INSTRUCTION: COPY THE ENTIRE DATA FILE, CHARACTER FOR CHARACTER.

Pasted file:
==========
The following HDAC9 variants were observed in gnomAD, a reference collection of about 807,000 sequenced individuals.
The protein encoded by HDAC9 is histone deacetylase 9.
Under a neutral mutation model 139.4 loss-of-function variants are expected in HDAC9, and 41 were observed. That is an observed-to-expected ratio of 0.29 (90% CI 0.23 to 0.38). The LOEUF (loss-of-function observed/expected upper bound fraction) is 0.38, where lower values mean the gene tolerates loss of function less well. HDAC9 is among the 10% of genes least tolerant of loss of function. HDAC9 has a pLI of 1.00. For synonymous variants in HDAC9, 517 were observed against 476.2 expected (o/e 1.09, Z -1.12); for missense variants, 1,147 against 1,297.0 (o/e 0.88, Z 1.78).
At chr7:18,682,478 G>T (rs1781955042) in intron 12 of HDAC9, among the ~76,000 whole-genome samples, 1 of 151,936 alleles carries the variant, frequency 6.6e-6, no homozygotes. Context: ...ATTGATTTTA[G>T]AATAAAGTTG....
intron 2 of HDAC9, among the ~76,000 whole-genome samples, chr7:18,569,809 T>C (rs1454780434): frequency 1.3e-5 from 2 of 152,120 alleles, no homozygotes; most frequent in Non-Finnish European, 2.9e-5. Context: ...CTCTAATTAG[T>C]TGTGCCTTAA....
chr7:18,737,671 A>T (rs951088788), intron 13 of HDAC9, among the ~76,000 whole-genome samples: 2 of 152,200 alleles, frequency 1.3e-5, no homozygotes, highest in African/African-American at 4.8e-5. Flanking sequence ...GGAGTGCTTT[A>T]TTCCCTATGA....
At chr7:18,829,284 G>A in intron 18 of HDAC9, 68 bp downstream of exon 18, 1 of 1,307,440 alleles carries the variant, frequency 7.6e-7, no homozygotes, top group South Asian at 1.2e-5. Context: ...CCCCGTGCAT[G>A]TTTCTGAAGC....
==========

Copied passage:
The following HDAC9 variants were observed in gnomAD, a reference collection of about 807,000 sequenced individuals.
The protein encoded by HDAC9 is histone deacetylase 9.
Under a neutral mutation model 139.4 loss-of-function variants are expected in HDAC9, and 41 were observed. That is an observed-to-expected ratio of 0.29 (90% CI 0.23 to 0.38). The LOEUF (loss-of-function observed/expected upper bound fraction) is 0.38, where lower values mean the gene tolerates loss of function less well. HDAC9 is among the 10% of genes least tolerant of loss of function. HDAC9 has a pLI of 1.00. For synonymous variants in HDAC9, 517 were observed against 476.2 expected (o/e 1.09, Z -1.12); for missense variants, 1,147 against 1,297.0 (o/e 0.88, Z 1.78).
At chr7:18,682,478 G>T (rs1781955042) in intron 12 of HDAC9, among the ~76,000 whole-genome samples, 1 of 151,936 alleles carries the variant, frequency 6.6e-6, no homozygotes. Context: ...ATTGATTTTA[G>T]AATAAAGTTG....
intron 2 of HDAC9, among the ~76,000 whole-genome samples, chr7:18,569,809 T>C (rs1454780434): frequency 1.3e-5 from 2 of 152,120 alleles, no homozygotes; most frequent in Non-Finnish European, 2.9e-5. Context: ...CTCTAATTAG[T>C]TGTGCCTTAA....
chr7:18,737,671 A>T (rs951088788), intron 13 of HDAC9, among the ~76,000 whole-genome samples: 2 of 152,200 alleles, frequency 1.3e-5, no homozygotes, highest in African/African-American at 4.8e-5. Flanking sequence ...GGAGTGCTTT[A>T]TTCCCTATGA....
At chr7:18,829,284 G>A in intron 18 of HDAC9, 68 bp downstream of exon 18, 1 of 1,307,440 alleles carries the variant, frequency 7.6e-7, no homozygotes, top group South Asian at 1.2e-5. Context: ...CCCCGTGCAT[G>A]TTTCTGAAGC....